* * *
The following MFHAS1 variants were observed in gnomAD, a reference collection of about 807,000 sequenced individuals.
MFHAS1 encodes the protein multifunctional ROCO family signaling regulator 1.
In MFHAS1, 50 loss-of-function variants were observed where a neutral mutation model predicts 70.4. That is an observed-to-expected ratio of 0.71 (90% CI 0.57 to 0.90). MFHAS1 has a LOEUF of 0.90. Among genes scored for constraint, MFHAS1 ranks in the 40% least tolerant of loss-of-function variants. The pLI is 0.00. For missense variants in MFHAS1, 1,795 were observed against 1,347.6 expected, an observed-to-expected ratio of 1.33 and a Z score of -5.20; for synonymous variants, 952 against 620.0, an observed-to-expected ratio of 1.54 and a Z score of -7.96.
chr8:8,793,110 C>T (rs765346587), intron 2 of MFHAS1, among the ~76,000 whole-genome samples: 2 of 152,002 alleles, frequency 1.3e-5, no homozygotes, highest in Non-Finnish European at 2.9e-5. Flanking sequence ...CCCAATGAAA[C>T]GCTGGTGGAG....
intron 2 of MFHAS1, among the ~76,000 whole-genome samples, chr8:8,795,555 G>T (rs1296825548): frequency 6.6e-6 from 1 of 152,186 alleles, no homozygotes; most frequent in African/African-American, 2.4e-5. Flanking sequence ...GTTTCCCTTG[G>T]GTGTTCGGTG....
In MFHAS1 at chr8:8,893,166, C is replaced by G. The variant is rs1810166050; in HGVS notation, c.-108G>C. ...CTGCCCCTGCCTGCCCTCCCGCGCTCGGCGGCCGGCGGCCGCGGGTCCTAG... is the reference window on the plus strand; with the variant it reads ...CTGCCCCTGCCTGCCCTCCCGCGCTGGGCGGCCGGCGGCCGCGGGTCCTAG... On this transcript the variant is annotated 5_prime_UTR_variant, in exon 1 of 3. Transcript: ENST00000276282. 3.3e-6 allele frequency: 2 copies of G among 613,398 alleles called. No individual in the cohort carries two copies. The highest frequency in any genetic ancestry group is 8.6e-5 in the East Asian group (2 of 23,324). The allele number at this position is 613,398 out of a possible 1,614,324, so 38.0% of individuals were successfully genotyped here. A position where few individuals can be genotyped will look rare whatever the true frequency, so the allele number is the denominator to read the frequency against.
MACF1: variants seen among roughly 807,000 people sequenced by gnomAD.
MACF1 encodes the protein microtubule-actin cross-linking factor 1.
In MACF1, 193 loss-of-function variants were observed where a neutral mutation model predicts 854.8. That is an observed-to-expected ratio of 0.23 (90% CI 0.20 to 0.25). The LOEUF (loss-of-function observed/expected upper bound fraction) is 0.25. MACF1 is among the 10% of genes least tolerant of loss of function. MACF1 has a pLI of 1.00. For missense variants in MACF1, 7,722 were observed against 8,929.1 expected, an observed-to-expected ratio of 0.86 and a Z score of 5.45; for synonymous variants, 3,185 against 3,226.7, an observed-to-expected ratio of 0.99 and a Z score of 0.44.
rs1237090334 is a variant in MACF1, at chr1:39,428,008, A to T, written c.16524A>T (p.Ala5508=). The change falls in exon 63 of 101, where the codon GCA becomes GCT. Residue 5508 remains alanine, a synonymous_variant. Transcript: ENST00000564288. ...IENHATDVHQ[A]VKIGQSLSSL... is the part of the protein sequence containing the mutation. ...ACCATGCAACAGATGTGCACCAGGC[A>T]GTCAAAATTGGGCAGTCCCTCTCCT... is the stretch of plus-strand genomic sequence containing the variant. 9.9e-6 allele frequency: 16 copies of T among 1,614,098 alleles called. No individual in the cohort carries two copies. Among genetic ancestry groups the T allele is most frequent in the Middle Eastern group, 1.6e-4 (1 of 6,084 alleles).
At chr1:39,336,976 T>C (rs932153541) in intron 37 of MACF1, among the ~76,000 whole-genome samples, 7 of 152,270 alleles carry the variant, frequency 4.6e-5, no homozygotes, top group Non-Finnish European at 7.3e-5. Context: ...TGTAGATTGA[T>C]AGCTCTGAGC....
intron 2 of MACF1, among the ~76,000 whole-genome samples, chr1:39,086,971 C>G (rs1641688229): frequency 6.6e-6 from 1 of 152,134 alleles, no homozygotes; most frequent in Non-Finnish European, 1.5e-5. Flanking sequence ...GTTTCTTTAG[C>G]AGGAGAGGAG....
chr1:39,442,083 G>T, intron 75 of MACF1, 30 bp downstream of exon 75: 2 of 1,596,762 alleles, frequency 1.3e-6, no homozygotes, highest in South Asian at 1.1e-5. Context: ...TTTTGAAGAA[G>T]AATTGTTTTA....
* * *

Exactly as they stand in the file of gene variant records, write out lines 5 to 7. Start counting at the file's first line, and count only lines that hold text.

intron 2 of MFHAS1, among the ~76,000 whole-genome samples, chr8:8,795,555 G>T (rs1296825548): frequency 6.6e-6 from 1 of 152,186 alleles, no homozygotes; most frequent in African/African-American, 2.4e-5. Flanking sequence ...GTTTCCCTTG[G>T]GTGTTCGGTG....
In MFHAS1 at chr8:8,893,166, C is replaced by G. The variant is rs1810166050; in HGVS notation, c.-108G>C. ...CTGCCCCTGCCTGCCCTCCCGCGCTCGGCGGCCGGCGGCCGCGGGTCCTAG... is the reference window on the plus strand; with the variant it reads ...CTGCCCCTGCCTGCCCTCCCGCGCTGGGCGGCCGGCGGCCGCGGGTCCTAG... On this transcript the variant is annotated 5_prime_UTR_variant, in exon 1 of 3. Transcript: ENST00000276282. 3.3e-6 allele frequency: 2 copies of G among 613,398 alleles called. No individual in the cohort carries two copies. The highest frequency in any genetic ancestry group is 8.6e-5 in the East Asian group (2 of 23,324). The allele number at this position is 613,398 out of a possible 1,614,324, so 38.0% of individuals were successfully genotyped here. A position where few individuals can be genotyped will look rare whatever the true frequency, so the allele number is the denominator to read the frequency against.
MACF1: variants seen among roughly 807,000 people sequenced by gnomAD.